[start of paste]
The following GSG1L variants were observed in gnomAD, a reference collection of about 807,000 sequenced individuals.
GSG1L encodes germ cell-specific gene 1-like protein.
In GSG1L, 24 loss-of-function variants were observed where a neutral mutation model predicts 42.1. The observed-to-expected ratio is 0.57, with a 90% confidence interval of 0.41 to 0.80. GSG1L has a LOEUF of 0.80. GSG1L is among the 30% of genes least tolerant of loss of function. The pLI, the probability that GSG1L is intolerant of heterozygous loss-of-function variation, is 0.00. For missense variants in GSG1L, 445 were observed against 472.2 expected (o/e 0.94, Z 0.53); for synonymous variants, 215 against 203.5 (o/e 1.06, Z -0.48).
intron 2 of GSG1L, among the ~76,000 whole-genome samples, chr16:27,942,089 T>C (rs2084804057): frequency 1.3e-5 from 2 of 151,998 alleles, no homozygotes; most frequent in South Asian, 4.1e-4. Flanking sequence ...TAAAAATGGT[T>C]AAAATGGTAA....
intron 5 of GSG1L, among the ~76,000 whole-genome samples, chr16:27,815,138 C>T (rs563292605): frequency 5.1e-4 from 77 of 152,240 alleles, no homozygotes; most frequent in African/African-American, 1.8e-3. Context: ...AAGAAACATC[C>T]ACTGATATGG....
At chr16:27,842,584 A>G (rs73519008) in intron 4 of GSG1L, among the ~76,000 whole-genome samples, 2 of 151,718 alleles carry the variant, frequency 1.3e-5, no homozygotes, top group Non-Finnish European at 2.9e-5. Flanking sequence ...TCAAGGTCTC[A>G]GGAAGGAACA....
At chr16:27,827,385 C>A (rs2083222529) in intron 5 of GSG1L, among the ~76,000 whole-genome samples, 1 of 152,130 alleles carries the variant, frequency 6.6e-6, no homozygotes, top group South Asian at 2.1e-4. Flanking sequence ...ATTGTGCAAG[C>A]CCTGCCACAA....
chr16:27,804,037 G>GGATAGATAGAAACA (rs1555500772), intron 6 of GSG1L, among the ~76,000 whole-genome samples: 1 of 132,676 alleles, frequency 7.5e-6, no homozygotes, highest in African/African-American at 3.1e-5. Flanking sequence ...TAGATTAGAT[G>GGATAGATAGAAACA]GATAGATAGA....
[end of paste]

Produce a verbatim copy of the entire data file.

The following GSG1L variants were observed in gnomAD, a reference collection of about 807,000 sequenced individuals.
GSG1L encodes germ cell-specific gene 1-like protein.
In GSG1L, 24 loss-of-function variants were observed where a neutral mutation model predicts 42.1. The observed-to-expected ratio is 0.57, with a 90% confidence interval of 0.41 to 0.80. GSG1L has a LOEUF of 0.80. GSG1L is among the 30% of genes least tolerant of loss of function. The pLI, the probability that GSG1L is intolerant of heterozygous loss-of-function variation, is 0.00. For missense variants in GSG1L, 445 were observed against 472.2 expected (o/e 0.94, Z 0.53); for synonymous variants, 215 against 203.5 (o/e 1.06, Z -0.48).
intron 2 of GSG1L, among the ~76,000 whole-genome samples, chr16:27,942,089 T>C (rs2084804057): frequency 1.3e-5 from 2 of 151,998 alleles, no homozygotes; most frequent in South Asian, 4.1e-4. Flanking sequence ...TAAAAATGGT[T>C]AAAATGGTAA....
intron 5 of GSG1L, among the ~76,000 whole-genome samples, chr16:27,815,138 C>T (rs563292605): frequency 5.1e-4 from 77 of 152,240 alleles, no homozygotes; most frequent in African/African-American, 1.8e-3. Context: ...AAGAAACATC[C>T]ACTGATATGG....
At chr16:27,842,584 A>G (rs73519008) in intron 4 of GSG1L, among the ~76,000 whole-genome samples, 2 of 151,718 alleles carry the variant, frequency 1.3e-5, no homozygotes, top group Non-Finnish European at 2.9e-5. Flanking sequence ...TCAAGGTCTC[A>G]GGAAGGAACA....
At chr16:27,827,385 C>A (rs2083222529) in intron 5 of GSG1L, among the ~76,000 whole-genome samples, 1 of 152,130 alleles carries the variant, frequency 6.6e-6, no homozygotes, top group South Asian at 2.1e-4. Flanking sequence ...ATTGTGCAAG[C>A]CCTGCCACAA....
chr16:27,804,037 G>GGATAGATAGAAACA (rs1555500772), intron 6 of GSG1L, among the ~76,000 whole-genome samples: 1 of 132,676 alleles, frequency 7.5e-6, no homozygotes, highest in African/African-American at 3.1e-5. Flanking sequence ...TAGATTAGAT[G>GGATAGATAGAAACA]GATAGATAGA....